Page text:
A prism scatters white light into a rainbow of colours. It is a device that can alter perception, clarifying or distorting our viewpoint.
Playwright, Terry Johnson, has taken the life story of Jack Cardiff, a man whose work is better known than his name, and with artistic licence and a great many liberties, has written a powerful drama about age and memory, forgetfulness and reality.
Jack Cardiff was renowned in the film world for his innovative lighting designs and camera angles in shooting some of the greatest classic films and iconic photographs. Born in 1914 his long career began in silent films and continued right till the start of the digital era.
Robert Lindsay has the arduous role of Jack, a man brought in old age, by his son, Mason, into the family homeâ€™s refurbished garage that contains a lifetime of memorabilia from Jackâ€™s career. The walls are lined with huge photos of the screen greats – Marilyn, Sophia, Audrey, Anita, among others.
That Jack is confused is an understatement. He thinks he is in the pub; he sees the garage door as a framing screen for an intended shoot; he mistakes his wife, Nicola (Tara Fitzgerald) for Katharine Hepburn. Icons he has known and loved flash in and out of his consciousness.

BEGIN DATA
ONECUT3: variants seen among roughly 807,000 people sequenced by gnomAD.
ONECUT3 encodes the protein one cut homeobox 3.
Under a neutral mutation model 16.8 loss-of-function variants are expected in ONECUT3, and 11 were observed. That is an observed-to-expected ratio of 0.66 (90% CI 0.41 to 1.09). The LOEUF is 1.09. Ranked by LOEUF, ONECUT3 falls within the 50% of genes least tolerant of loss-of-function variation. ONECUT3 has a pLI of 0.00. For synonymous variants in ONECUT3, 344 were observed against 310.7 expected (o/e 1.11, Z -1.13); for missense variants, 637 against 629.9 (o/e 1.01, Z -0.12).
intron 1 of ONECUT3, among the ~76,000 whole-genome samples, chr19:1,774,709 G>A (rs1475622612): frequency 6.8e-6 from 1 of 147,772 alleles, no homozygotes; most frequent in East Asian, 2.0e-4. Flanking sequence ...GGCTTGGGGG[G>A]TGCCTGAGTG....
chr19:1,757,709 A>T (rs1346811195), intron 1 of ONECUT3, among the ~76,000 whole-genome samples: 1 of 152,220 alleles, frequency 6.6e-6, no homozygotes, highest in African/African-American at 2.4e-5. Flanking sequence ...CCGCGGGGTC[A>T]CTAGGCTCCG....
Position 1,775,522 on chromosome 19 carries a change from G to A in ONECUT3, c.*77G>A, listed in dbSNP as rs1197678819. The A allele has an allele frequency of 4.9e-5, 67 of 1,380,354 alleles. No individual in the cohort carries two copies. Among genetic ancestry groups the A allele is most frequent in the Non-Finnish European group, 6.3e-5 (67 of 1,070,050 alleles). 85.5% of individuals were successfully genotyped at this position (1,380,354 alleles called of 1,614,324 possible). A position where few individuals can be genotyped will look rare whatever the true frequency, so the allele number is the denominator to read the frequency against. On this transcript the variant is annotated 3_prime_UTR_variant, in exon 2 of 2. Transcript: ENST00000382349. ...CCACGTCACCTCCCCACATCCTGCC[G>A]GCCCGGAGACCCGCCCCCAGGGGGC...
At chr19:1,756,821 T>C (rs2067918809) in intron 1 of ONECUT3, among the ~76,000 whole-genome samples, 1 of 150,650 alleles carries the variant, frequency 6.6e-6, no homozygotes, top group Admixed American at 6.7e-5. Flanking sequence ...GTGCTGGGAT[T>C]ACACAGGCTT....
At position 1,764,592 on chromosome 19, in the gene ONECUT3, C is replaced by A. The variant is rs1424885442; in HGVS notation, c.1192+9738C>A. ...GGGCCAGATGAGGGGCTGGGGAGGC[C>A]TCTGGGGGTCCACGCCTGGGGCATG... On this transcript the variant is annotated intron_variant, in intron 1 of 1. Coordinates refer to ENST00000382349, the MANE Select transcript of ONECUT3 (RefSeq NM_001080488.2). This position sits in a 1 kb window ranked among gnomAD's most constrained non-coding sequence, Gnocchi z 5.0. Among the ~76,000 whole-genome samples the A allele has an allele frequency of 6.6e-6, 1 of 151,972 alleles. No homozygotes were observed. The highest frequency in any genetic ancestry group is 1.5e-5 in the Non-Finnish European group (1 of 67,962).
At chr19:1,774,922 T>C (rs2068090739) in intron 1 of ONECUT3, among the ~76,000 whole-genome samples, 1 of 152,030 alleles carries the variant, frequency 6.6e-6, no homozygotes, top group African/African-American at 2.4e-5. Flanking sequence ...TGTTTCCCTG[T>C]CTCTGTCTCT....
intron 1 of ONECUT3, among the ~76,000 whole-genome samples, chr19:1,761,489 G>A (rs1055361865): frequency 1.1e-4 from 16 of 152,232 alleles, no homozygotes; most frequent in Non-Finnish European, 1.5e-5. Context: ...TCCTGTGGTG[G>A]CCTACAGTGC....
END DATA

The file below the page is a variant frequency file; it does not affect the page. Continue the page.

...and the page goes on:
Mason (Oliver Hembrough) is hoping to persuade Jack to write his memoirs and has engaged a care assistant, Lucy, to help him. In Jackâ€™s mind Lucy (Victoria Blunt) easily transforms into Marilyn Monroe.
By act two we have a total breakdown of reality as Jack finds himself as a young man back on the set of â€œThe African Queenâ€, with Humphrey Bogart and Katharine Hepburn. Wishful thinking or remembered truth, Jack and Katharine are in love, and Bogart has some pause for thought. Arthur Miller, too, has to fight for the attention of Marilyn when Jack is around.
Can it be that the prism of old age gives a better life than the one actually lived? Jack is certainly enjoying his.
The set, by Tim Shortall, is a wonder of detail and richness, morphing from cluttered garage to steamy insect-ridden jungle location. Robert Lindsay has two hours of ceaseless time onstage, delivering a splendid performance as a man caught up in his own eventful life. Itâ€™s a challenging role, and a challenge ably met.
That we do not for a moment pity Jack in his confusion shows how caught up we become in his vision. The prism casts its rainbow hue and entrances us all.
Kingâ€™s Theatre until November 2nd.